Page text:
Around 1 in 7 women in UK architecture practices has experienced sexual harassment in the workplace in the past year alone, according to the results of the annual Women in Architecture survey conducted by The Architects' Journal. The poll of nearly 1,500 architects also found that more than half of women have experienced some form of discrimination ranging from bullying to workplace rules that leave them disadvantaged in the same period. The AJ's survey, which in previous years has largely focused on issues such as pay disparity between men and women, focuses this year more broadly on gender discrimination and sexual harassment—a response to the global shift in awareness organized around movements such as #MeToo and #TimesUp.
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Now in its fourth year, the Architects' Journal's Women in Architecture survey is firmly embedded into the discussion of gender roles within the architecture profession. Collected from an anonymous cross-section of practitioners, clients, consultants, engineers, developers, PRs, and academics, the 2015 survey focused on the UK alone, and saw the number of participants soar to an unprecedented high of 1,104 respondents, 20% of whom were male.
Results from previous years' surveys have sparked discussion amidst the architectural and mainstream media alike, and have been cited by RIBA and the UK government. The survey covers four main topics -- pay, practice, education, and children -- commencing with broader questions about discrimination before narrowing its aperture to more specific issues. View the results of the 2015 survey after the break.
As part of the their Architecture for All programme, London's Old Royal Naval College is set to host three debates about the future planned along the River Thames, investigating the issues surrounding living, building and working on the City's waterways in the years to come. The series is curated by Ellis Woodman, critic for the Architects' Journal and the Architectural Review, who said: "Despite the fact that the riverfront is currently the subject of redevelopment proposals of unprecedented scale, London’s ambitions for the Thames have yet to be widely articulated or debated." Details of the three events after the break.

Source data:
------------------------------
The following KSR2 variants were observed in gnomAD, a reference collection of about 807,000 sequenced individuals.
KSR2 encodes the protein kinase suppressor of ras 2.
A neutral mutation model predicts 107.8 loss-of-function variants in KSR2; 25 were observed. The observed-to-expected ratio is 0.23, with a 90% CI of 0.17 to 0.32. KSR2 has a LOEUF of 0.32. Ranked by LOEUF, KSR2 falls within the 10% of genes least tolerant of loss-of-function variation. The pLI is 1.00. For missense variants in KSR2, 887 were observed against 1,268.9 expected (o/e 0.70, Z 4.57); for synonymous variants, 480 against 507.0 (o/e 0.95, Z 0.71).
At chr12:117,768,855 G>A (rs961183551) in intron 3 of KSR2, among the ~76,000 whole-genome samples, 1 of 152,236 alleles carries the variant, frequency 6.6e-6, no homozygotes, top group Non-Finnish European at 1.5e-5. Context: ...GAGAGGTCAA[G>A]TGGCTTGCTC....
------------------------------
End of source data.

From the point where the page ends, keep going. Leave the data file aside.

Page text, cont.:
Maria Smith, shortlisted for The Architect's Journal's Emerging Woman Architect of the Year, has just published an article in The Architectural Review titled "Why do Women Really Leave Architecture?" - an article that, like many over the last year, attempts to tackle the tricky question of why women (who make up over 40% of architecture students in the US but only 23% of the profession) leave architecture. For the first few paragraphs, I was nodding in agreement, eagerly reading something that - finally - promised to offer a different perspective on the "women in architecture" question.
Unfortunately, a few paragraphs later, all that promise falls terribly flat. Smith spends a good amount of time setting up a fabulous argument, and then - disappointingly - falls into the very traps she was hoping to break wide open. By the article's conclusion, I was less satisfied than when I started, wondering: is this even the right question we should be asking?
The Women in Architecture Survey, which is sponsored by UK magazine Architect's Journal, is open to both men and women and aims to track the perceptions of gender equality in the workplace. It's already yielded significant results - the survey last year revealed large pay gaps between male and female architects, as well as interesting perceptions of work/life balance of the different genders. Research goes towards the Architect's Journal's Women in Architecture campaign, whose goal it is to promote the status of women in the industry. You can find the survey here.
The Architects' Journal recently published an article pitting five competing views of teaching sustainability against one another. The opinions come from a range of backgrounds, including engineers, tutors and landscape architects, and discuss how architecture students should be taught to design in a sustainable way - or if they should be taught this at all.
The competing opinions are telling in the issues that they highlight, demonstrating how complex the issue of sustainability has become, and how it fits into the wider context of architectural education.
Read the different reactions to the issue of sustainability in education after the break
In an article by the Architects' Journal, Tony Fretton is quoted as saying there ought to be fewer architecture schools in the UK, with more difficult entry requirements and a higher failure rate. "There should be a shortage of architects in the UK," he says, "fewer bad architects, fewer good architects".
Citing Switzerland and the Netherlands as countries which do well with just 2 or 3 major architecture schools, he believes that architectural education should be concentrated into just a few schools in order to give students more access to the best tutors.
Read more about Fretton's proposal after the break